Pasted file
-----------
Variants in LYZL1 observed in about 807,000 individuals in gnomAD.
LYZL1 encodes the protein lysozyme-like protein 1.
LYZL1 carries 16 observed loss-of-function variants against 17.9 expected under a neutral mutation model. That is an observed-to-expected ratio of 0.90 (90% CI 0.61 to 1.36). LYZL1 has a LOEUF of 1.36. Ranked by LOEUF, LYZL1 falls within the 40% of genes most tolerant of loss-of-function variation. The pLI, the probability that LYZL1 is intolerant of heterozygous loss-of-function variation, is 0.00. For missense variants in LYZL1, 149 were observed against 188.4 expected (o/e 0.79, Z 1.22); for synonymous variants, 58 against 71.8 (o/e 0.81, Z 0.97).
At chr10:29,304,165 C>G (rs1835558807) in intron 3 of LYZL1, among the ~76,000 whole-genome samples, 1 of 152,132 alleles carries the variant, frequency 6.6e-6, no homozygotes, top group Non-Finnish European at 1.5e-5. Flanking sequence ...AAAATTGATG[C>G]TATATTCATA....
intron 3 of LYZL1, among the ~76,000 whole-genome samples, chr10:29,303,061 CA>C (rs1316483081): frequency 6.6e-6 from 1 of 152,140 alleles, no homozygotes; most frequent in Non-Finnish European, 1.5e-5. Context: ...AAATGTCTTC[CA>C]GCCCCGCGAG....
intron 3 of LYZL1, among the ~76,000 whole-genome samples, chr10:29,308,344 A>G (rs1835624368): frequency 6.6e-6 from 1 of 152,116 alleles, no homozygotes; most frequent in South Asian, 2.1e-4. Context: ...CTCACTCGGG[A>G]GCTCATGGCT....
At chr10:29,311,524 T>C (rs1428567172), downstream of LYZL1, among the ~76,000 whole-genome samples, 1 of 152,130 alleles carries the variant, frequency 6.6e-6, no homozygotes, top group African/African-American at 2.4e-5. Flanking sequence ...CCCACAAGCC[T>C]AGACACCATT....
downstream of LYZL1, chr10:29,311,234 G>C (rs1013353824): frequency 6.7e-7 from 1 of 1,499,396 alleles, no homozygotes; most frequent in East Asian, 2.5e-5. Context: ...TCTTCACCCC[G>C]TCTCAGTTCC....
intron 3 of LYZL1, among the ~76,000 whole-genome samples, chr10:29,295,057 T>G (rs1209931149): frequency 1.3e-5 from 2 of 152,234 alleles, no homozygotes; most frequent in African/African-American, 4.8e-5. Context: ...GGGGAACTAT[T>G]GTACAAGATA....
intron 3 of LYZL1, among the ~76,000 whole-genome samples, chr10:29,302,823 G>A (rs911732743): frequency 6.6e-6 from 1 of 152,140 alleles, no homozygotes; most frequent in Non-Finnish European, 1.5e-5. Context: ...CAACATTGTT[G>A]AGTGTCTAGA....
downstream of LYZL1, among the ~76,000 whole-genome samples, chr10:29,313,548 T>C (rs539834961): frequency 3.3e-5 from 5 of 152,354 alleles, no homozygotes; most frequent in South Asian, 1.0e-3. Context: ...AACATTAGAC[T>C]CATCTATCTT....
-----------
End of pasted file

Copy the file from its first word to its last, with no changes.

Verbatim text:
Variants in LYZL1 observed in about 807,000 individuals in gnomAD.
LYZL1 encodes the protein lysozyme-like protein 1.
LYZL1 carries 16 observed loss-of-function variants against 17.9 expected under a neutral mutation model. That is an observed-to-expected ratio of 0.90 (90% CI 0.61 to 1.36). LYZL1 has a LOEUF of 1.36. Ranked by LOEUF, LYZL1 falls within the 40% of genes most tolerant of loss-of-function variation. The pLI, the probability that LYZL1 is intolerant of heterozygous loss-of-function variation, is 0.00. For missense variants in LYZL1, 149 were observed against 188.4 expected (o/e 0.79, Z 1.22); for synonymous variants, 58 against 71.8 (o/e 0.81, Z 0.97).
At chr10:29,304,165 C>G (rs1835558807) in intron 3 of LYZL1, among the ~76,000 whole-genome samples, 1 of 152,132 alleles carries the variant, frequency 6.6e-6, no homozygotes, top group Non-Finnish European at 1.5e-5. Flanking sequence ...AAAATTGATG[C>G]TATATTCATA....
intron 3 of LYZL1, among the ~76,000 whole-genome samples, chr10:29,303,061 CA>C (rs1316483081): frequency 6.6e-6 from 1 of 152,140 alleles, no homozygotes; most frequent in Non-Finnish European, 1.5e-5. Context: ...AAATGTCTTC[CA>C]GCCCCGCGAG....
intron 3 of LYZL1, among the ~76,000 whole-genome samples, chr10:29,308,344 A>G (rs1835624368): frequency 6.6e-6 from 1 of 152,116 alleles, no homozygotes; most frequent in South Asian, 2.1e-4. Context: ...CTCACTCGGG[A>G]GCTCATGGCT....
At chr10:29,311,524 T>C (rs1428567172), downstream of LYZL1, among the ~76,000 whole-genome samples, 1 of 152,130 alleles carries the variant, frequency 6.6e-6, no homozygotes, top group African/African-American at 2.4e-5. Flanking sequence ...CCCACAAGCC[T>C]AGACACCATT....
downstream of LYZL1, chr10:29,311,234 G>C (rs1013353824): frequency 6.7e-7 from 1 of 1,499,396 alleles, no homozygotes; most frequent in East Asian, 2.5e-5. Context: ...TCTTCACCCC[G>C]TCTCAGTTCC....
intron 3 of LYZL1, among the ~76,000 whole-genome samples, chr10:29,295,057 T>G (rs1209931149): frequency 1.3e-5 from 2 of 152,234 alleles, no homozygotes; most frequent in African/African-American, 4.8e-5. Context: ...GGGGAACTAT[T>G]GTACAAGATA....
intron 3 of LYZL1, among the ~76,000 whole-genome samples, chr10:29,302,823 G>A (rs911732743): frequency 6.6e-6 from 1 of 152,140 alleles, no homozygotes; most frequent in Non-Finnish European, 1.5e-5. Context: ...CAACATTGTT[G>A]AGTGTCTAGA....
downstream of LYZL1, among the ~76,000 whole-genome samples, chr10:29,313,548 T>C (rs539834961): frequency 3.3e-5 from 5 of 152,354 alleles, no homozygotes; most frequent in South Asian, 1.0e-3. Context: ...AACATTAGAC[T>C]CATCTATCTT....